369 Studios is an art collaborative started by Nelson Fernando Figallo and Gisel Florez. The project began as measure of the possibilities within the creative process. One of their main manifesto entries engages art not only as means of expression, but also as a way of life. They live and work out of Brooklyn,
While on a road trip through the States someone captured me with my arms out taking the scenery in, absorbing it. I had pulled over for a view of the desert somewhere in Arizona. It seemed like the type of American landscape that one only sees in movies or imagines through books. I felt overwhelmed and wanted to capture with all of my senses, even taste it. I was unaware of the photo that was being taken. I did not know until it was sent to me months later. Back then one had to wait at least one hour for developing. In fact, after waiting, one got what one got, that was that, and one was okay with that… Though just a few years ago, the culture of showing the photo just moments after taking it did not exist. Also the image being posted, tagged, grouped, labeled and captioned was not even a twinkle of a thought. The image is still with me. I can remember pulling over and taking it all in, just for a second. Then the image, the smell, the feeling is gone. The photograph remains. I can hold it in my hand and pass it around.
The travelling does continue. Since then there have been many other landscapes from which to take a sensory photograph. That image became the catalyst for the project at hand of documenting each of these moments. There are a few conditions for each snapshot. For one, the place should not be crowded. The moment cannot be self-conscious at all. The moment has to feel truthful and pure. Like it was mentioned earlier, the taste of the landscape has to be present. This allows one to close one’s eyes, open them, breathe, surrender, explore, resign. Some of these portraits cannot be told through the documentation. What is witnessed is not interrupted. However, the document or photograph has a person, me, in front of it. The Idea is to make the landscape real, to explain that someone was present, living. Each viewer gets to experience something different. Each person is to define the moment with his or her own words, dreams, baggage, etc.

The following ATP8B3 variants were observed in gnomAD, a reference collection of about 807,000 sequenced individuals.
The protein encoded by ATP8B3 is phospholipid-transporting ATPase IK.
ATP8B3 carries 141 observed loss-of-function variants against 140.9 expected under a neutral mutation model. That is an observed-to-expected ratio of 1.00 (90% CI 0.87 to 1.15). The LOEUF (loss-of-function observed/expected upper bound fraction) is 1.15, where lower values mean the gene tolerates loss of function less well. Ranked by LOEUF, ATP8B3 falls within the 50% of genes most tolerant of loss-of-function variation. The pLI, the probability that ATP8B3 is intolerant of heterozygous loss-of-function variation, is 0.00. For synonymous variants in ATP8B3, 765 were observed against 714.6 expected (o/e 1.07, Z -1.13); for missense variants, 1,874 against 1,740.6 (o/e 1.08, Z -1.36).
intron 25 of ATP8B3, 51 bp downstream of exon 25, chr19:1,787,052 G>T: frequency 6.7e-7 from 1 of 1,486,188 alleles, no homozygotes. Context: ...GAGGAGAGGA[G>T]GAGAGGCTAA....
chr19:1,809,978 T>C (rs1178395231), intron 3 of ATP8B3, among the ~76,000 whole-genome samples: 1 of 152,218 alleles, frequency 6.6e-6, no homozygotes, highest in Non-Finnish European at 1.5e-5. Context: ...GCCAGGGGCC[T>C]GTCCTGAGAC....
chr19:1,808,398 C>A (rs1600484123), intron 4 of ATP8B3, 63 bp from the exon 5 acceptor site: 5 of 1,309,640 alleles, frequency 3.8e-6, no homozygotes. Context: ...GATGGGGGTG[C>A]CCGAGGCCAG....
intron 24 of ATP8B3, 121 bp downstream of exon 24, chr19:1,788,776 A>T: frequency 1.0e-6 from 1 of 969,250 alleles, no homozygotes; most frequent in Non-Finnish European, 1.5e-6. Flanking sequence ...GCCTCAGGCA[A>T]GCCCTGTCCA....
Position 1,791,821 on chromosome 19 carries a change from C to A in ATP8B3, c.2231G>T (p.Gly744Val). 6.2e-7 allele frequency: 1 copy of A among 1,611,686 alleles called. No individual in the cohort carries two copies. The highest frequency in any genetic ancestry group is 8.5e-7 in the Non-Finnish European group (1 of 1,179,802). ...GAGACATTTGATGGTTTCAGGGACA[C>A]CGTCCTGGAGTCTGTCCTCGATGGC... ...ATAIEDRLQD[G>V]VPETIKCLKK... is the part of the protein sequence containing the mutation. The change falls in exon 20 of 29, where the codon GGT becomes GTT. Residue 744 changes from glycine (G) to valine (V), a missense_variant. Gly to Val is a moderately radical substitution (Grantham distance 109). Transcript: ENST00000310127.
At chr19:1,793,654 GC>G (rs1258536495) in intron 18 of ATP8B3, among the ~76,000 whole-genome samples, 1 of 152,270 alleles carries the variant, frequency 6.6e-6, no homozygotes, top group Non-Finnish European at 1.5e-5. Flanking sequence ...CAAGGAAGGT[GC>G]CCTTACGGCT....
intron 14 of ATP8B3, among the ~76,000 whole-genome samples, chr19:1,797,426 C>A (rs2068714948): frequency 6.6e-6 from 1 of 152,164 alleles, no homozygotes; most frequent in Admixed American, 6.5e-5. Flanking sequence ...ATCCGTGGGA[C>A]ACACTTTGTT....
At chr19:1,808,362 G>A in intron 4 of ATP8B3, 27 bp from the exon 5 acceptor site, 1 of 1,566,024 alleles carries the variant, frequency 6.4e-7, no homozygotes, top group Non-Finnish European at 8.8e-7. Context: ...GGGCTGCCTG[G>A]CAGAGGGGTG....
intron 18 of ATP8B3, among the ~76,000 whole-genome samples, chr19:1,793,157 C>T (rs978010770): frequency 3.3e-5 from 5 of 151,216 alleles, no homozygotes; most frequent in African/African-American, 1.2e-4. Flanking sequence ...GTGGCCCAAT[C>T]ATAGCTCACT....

This has become an intense collaboration. The pick of an image to be witnessed, taken in, inhaled, requires an eye for the document itself. Even with sight or suggestions, there still needs to be someone behind the camera. A loss of control is thus replaced with a certain sense of trust. Sometimes the distance is such that there should not be screaming of Ideas back and forth; minutia could take away from the moment itself, the submission. The topography is taken in as a metaphor is created, a mental sketch to be shared. This is somewhat of an understanding, a contract. It is as wonderful as the adventure, playing music, running, cooking, and other artistic pursuits that we accomplish together.
So far there is only a working title for this book of images: Dreambook. Not sure if this title will stick. The word ‘dream’ can lead the witness, so to speak. Yet the notion of having all of these perceptions in a book is somewhat of a dream.Exists a fear of commitment to a title. For now, Dreambook is the name of the folder where we are collecting these stills. Naming something this significant is bound to be tricky. Dream? Whose ‘dream’? What is the ‘dream’? Is the landscape the dream? Is the book the dream? Perhaps we cannot control that anymore than we can control what people experience when they survey these landscapes. The mere number of images is bound to be overwhelming enough. It is overwhelming for us. We are doing the legwork, we are collecting the photographs, and we would like to share them. From New York to Alaska, San Francisco to Denver, all the places in between and abroad, if there is a spot it is taken, snapped. A sensory depiction is stolen and the moment documented.
Here are a few of these images from our latest, tangential journey. These are picks from our travels to Lima from Santiago.
More of these captures can be found at giselflorez.com and nelsonfernandofigallo.com